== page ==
RCN - Not In My Name
Janet Davies, the Chief Executive of the Royal College of Nursing (RCN), has announced that a panel of RCN staff and members will be deciding on a positioning statement for the RCN on the complete removal of all legal restriction and sanctions regarding abortion.

If these measures were to be implemented, it would mean the introduction of abortion on demand, for any reason, to at least 28 weeks and possibly up to birth. Ann Furedi, the CEO of abortion provider BPAS, who are running the campaign to ‘decriminalise’ abortion, has made it clear that they are aiming for the latter, the introduction of abortion up to birth.

The Royal College of Midwives’ position in support of ‘decriminalisation’, which saw a large public backlash when it was adopted, has subsequently been used extensively by abortion provider BPAS as a key plank in their political lobbying for the introduction of abortion, on demand, for any reason up to birth.

Ahead of this panel deciding the position, the RCN are running a ‘survey’ of the RCN membership which does not allow for members of the RCN to vote on the specific wording of the final positioning statement. It instead asks a single question on whether members support or oppose the broad concept of ‘decriminalisation’ and only commits that members’ input will ‘inform’ the work that will lead to the final position this panel will decide on.

If you are a nurse, midwife, health care assistant or nursing student please take action by putting your name to our public joint letter (below) to the Chief Executive of the Royal College of Nurses, Janet Davies, to voice your concern about this extreme move.

Explanatory notes: http://bit.ly/2DrU2j9
For any questions please contact: rcnnotinmyname@gmail.com

Letter to Janet Davies
The Royal College of Nursing have announced that a panel of RCN staff and members will be deciding on a positioning statement on the complete removal of all legal restriction and sanctions regarding abortion. If these measures were to be implemented, it would mean the introduction of abortion on demand, for any reason, to at least 28 weeks and possibly up to birth.

Ahead of this panel deciding the position the RCN are running a ‘survey’ of the RCN membership which does not allow for members of the RCN to vote on the specific wording of the final positioning statement. It instead asks a single question on whether members support or oppose the broad concept of ‘decriminalisation’ and only commits that this will ‘inform’ the work that will lead to the final position statement this panel will decide on.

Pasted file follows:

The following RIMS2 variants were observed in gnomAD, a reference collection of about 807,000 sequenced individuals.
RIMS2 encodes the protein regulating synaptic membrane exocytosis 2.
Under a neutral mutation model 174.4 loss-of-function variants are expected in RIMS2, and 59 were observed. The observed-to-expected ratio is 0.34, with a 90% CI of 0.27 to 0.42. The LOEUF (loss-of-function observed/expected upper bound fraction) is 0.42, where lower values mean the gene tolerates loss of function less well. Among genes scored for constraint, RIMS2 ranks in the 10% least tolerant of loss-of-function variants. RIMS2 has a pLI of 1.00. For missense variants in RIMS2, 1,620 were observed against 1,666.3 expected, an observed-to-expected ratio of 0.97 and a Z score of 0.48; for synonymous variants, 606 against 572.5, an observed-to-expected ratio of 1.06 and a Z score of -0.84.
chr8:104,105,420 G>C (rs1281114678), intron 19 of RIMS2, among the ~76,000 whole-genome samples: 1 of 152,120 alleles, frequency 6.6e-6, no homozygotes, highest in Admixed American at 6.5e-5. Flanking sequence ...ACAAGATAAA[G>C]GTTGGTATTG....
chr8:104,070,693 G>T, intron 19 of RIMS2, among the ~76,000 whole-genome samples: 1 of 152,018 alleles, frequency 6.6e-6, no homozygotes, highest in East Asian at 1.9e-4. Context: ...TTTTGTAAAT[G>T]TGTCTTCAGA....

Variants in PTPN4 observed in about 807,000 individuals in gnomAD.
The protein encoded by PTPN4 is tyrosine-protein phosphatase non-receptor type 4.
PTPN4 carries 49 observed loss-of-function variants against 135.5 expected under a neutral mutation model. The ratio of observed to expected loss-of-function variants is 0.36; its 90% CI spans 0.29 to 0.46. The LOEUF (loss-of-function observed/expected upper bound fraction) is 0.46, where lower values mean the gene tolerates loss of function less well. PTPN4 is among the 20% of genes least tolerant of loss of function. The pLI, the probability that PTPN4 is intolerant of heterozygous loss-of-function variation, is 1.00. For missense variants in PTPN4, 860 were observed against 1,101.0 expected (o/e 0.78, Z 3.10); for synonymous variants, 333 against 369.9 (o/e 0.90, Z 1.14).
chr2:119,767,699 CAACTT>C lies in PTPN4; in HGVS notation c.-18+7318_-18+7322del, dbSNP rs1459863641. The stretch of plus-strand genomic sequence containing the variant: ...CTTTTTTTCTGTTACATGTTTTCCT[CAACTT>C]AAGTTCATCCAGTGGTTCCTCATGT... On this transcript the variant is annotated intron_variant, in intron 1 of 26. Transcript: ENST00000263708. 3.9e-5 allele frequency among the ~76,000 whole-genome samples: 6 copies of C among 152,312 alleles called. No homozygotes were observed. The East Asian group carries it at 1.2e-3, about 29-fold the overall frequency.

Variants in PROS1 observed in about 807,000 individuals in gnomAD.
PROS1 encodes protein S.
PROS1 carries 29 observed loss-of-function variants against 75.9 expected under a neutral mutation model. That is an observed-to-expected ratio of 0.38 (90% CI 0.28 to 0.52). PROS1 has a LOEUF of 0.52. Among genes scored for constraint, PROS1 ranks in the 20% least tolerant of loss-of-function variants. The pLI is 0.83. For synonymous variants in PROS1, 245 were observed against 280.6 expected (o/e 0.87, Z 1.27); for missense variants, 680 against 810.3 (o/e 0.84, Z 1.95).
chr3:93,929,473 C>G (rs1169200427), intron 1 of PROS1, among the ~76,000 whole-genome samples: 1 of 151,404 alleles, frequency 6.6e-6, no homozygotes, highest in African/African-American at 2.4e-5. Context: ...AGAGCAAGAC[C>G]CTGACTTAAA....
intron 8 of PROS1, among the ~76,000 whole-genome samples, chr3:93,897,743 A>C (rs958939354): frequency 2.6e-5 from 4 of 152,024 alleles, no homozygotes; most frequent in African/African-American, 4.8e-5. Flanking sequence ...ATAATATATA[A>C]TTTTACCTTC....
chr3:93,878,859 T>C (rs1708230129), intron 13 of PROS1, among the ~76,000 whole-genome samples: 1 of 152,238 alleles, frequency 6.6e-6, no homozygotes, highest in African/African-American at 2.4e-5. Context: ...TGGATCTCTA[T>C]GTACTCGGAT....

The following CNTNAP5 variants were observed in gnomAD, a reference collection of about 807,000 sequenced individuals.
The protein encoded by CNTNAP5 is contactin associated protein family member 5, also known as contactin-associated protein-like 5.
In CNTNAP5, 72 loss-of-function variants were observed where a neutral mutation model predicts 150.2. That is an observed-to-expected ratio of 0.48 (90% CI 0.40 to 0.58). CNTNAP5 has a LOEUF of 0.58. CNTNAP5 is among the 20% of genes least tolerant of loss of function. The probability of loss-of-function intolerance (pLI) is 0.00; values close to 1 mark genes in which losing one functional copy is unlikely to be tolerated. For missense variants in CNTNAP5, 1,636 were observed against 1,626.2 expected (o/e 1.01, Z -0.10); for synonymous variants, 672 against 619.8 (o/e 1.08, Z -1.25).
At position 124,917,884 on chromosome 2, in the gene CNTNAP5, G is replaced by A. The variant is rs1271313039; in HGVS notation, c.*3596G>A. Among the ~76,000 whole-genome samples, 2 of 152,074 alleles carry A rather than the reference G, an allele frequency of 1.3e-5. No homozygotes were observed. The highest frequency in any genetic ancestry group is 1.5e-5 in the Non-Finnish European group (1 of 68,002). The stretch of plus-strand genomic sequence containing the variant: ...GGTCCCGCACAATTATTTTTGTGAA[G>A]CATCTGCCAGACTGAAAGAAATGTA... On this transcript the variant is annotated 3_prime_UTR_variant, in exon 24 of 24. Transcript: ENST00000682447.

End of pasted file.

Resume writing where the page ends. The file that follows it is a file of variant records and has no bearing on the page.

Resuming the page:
It is completely unacceptable that all members of the RCN will not been given the opportunity to vote on the specific wording of this significant change in policy.

As nurses, midwives, health care assistants and nursing students, we object to a new extreme position being forced upon members of the RCN. We represent a variety of positions on the issue of abortion, but believe that supporting so called ‘decriminalisation’ is out of keeping with both our duties as responsible professionals and the expressed wishes of British women with regards to the legality and regulation of abortion.

In the last few years, polls have consistently shown that a larger proportion of women want more, not fewer restrictions on abortion. A ComRes poll in May 2017 found that only 1% of women wanted to see the time limit for abortion extended above 24 weeks and only 1% of women wanted to see the time limit for abortion extended through to birth. The same poll found that 70% of women wanted to see the abortion time limit reduced to 20 weeks or below. The poll also found that 91% of women favour a total and explicit ban on sex-selective abortion, up from 88% from a poll in March 2014, which also found that 92% of women agree that a woman requesting an abortion should be seen in person by a qualified doctor. Clearly, women want the law to be stricter on the legality and regulation of abortion, not more lax.

This move to introduce a radical abortion law is being promoted by a small group of campaigners with extreme views on abortion. Whilst they are entitled to hold the convictions they do we must not let them impose their agenda on the RCN and risk severely damaging its reputation as a professional body.

The Royal College of Midwives saw a major media and public backlash following their announcement that they would be supporting a campaign to introduce abortion for any reason, up to birth. Many commentators on this controversy were pro-choice but recognised that taking this position was an extreme move, and the outrage caused reputational damage both to the Royal College of Midwives and to the wider midwifery profession.

Where required, we are responsible for the care of both women and their babies throughout pregnancy and childbirth and the current law, however imperfect, is an attempt to recognise that the life and health of both mother and baby need legal protection. It would be unacceptable for the organisation that represents us to support the radical position (supported by only a small minority of women) that all legal protection for babies should be removed, possibly right through to birth.

We, the undersigned, wish to state publicly that any policy which seeks to remove abortion from its current legal framework, does not represent us or our views. This extreme move does not reflect the moderate and reasonable views of the majority of British women and the general public on this issue, and would severely damage the reputation of both the RCN and the medical profession.

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